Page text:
Crucially, there seems much more willingness to believe that the end justifies the means. Look at the way there is a blind eye to behaviour from the side a politician/commentator/voter supports that would be severely criticised were it done by – or even alleged against – a political opponent. See, for instance, the different reactions to bullying allegations against John Bercow and Priti Patel. The one step which might shed some light on matters – investigation – is all but ignored. Culpability or otherwise is less important than the level of support a politician has and the importance of the work they are doing. Indispensability not integrity matters. Principles or any over-arching moral framework thus become expendable or endlessly elastic.

The best – and most alarming example of this – was the manner in which Labour succumbed to the virus of anti-semitism in a very short time frame, despite – or perhaps because of – its conviction that it was a moral, anti-racist and therefore “good” party. Having satisfied itself of its impeccably anti-racist position, it felt no need to ask itself any questions about the leader it elected, the people he attracted, those he made his closest advisors and why, despite his repeated claims to be doing so, he was unable to deal with the issue. The default instinct was to attack those who pointed this out, describe the concerns as smears and generally behave like an aggrieved victim. Corbyn is on his way out but his time as leader is an example of how easily apparently important and long-held principles can be abandoned, especially when hatred and defeat of some Other (the Tories, in this case) is all that matters. 

This is not just a lesson for Labour. It is a lesson for voters too. Over 10 million of them rationalised away any queasiness they may have felt and voted for a party which shares the unenviable claim of being, like the neo-Nazi BNP, investigated by the EHRC for anti-semitism and institutional racism. This was not a deal-breaker.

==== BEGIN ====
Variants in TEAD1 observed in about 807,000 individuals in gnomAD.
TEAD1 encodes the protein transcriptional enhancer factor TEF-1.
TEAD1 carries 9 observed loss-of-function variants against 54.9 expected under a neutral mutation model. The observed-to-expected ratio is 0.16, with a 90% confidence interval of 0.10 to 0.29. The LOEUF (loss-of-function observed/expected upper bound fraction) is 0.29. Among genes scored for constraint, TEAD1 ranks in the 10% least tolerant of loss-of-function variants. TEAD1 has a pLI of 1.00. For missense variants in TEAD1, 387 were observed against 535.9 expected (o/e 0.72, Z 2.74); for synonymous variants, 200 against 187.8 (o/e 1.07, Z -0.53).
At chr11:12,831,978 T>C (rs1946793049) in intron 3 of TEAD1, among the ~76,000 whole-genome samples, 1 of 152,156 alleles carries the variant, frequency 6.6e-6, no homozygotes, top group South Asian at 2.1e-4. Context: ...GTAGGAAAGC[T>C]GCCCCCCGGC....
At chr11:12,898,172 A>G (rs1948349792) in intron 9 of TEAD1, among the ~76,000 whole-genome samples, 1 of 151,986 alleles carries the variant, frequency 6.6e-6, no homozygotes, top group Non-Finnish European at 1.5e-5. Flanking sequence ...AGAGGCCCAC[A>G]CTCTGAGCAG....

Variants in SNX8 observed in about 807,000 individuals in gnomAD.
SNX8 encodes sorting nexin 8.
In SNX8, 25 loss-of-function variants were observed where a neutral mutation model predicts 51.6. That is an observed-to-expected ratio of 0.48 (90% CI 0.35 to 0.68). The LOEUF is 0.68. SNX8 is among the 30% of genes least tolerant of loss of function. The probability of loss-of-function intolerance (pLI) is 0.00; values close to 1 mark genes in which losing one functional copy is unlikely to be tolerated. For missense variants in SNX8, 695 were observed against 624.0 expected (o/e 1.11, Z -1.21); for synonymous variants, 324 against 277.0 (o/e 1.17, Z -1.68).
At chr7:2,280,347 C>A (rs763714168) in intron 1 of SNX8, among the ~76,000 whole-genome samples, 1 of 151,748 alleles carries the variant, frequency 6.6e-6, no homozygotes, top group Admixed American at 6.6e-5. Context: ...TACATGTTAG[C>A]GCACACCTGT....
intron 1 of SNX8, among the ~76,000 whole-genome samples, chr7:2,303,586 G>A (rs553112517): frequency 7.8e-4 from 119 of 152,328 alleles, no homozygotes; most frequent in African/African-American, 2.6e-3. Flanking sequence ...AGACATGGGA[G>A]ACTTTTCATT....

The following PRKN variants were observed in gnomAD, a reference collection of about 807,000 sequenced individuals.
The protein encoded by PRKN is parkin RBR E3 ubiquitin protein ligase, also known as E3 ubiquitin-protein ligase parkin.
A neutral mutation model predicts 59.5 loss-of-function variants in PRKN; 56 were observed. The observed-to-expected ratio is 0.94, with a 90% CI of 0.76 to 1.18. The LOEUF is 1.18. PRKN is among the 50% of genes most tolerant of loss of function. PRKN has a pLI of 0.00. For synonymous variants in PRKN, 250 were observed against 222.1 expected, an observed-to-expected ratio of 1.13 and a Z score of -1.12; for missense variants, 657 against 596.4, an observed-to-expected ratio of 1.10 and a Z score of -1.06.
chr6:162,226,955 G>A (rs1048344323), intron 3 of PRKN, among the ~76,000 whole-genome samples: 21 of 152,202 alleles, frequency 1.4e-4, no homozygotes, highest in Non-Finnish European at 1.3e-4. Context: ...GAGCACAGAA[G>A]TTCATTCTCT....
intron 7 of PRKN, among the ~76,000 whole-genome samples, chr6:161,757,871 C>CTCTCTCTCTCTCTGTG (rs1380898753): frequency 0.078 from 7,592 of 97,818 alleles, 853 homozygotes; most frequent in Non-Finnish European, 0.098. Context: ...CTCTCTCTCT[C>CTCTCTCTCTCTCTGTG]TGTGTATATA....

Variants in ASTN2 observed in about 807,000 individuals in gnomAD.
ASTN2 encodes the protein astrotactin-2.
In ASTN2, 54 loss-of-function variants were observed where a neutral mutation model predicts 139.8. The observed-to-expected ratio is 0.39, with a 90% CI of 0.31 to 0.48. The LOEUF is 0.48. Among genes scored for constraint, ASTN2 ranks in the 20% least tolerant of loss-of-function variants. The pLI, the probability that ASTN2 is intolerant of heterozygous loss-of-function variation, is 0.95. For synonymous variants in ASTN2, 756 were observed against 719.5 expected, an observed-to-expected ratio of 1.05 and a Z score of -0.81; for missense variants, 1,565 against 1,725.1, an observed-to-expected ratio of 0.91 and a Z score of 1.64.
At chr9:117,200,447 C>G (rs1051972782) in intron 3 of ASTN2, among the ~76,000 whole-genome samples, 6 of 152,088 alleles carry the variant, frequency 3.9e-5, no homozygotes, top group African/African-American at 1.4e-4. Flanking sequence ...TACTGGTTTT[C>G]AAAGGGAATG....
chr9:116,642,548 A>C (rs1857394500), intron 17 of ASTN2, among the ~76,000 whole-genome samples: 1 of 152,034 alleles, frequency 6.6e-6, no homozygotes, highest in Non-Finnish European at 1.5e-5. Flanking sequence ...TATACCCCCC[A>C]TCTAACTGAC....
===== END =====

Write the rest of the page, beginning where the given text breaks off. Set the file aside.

If this can happen to a party of government, it can happen to the country. We cannot say with confidence that Britain has some sort of innate antipathy to extremism or hatred of minorities. And note one other lesson: when the EHRC inquiry was announced, some in Labour questioned whether the EHRC’s role should be reviewed. How telling. Attack the very concept of being judged by an independent body. How like the response of the government to court judgments which limited what it can do. The reaction was not to reflect on why they were in such a position but to attack any body which dared question their behaviour. Judges ruling on the law, the sole purpose of a judge, was repurposed as “judicial activism”, sounding altogether more sinister and therefore to be stopped or limited. 

It is time to be wary when those in power – or wanting it – seek to restrict any sort of external scrutiny, whether by the press or the people through the courts. If governments cannot be trusted to obey the law or think they should be above it or make it practically more difficult to challenge them, it is worth asking why they are doing this and what it means for us and our rights. How will these be protected? And by whom?